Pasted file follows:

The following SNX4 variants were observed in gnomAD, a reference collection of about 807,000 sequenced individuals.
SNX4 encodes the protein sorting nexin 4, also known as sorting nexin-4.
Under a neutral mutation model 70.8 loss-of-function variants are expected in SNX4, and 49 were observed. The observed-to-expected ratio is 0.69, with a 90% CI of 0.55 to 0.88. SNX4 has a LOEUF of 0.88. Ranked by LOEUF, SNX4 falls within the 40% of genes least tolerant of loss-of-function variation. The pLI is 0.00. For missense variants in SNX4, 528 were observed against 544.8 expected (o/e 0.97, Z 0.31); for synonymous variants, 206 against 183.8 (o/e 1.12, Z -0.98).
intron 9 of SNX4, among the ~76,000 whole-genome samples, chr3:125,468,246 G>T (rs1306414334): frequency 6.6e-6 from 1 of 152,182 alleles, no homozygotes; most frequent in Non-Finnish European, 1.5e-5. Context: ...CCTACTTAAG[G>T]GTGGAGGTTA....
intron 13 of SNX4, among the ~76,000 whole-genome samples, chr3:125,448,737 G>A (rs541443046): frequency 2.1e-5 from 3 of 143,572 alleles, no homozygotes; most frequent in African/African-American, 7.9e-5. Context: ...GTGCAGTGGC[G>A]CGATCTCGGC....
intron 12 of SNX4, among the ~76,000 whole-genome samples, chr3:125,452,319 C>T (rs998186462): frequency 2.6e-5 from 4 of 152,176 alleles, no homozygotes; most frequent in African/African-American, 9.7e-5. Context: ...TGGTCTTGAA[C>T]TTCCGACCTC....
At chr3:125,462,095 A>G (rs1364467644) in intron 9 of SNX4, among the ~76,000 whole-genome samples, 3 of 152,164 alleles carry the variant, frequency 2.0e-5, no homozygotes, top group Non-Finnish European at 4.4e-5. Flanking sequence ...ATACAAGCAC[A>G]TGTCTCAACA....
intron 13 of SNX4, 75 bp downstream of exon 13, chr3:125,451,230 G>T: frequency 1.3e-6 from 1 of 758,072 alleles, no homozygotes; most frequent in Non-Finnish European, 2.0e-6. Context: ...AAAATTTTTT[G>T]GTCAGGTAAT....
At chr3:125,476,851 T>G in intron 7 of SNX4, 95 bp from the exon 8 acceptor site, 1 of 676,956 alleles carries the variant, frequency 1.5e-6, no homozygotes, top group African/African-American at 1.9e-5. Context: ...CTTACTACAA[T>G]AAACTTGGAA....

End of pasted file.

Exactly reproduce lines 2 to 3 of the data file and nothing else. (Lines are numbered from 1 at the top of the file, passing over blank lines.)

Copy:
SNX4 encodes the protein sorting nexin 4, also known as sorting nexin-4.
Under a neutral mutation model 70.8 loss-of-function variants are expected in SNX4, and 49 were observed. The observed-to-expected ratio is 0.69, with a 90% CI of 0.55 to 0.88. SNX4 has a LOEUF of 0.88. Ranked by LOEUF, SNX4 falls within the 40% of genes least tolerant of loss-of-function variation. The pLI is 0.00. For missense variants in SNX4, 528 were observed against 544.8 expected (o/e 0.97, Z 0.31); for synonymous variants, 206 against 183.8 (o/e 1.12, Z -0.98).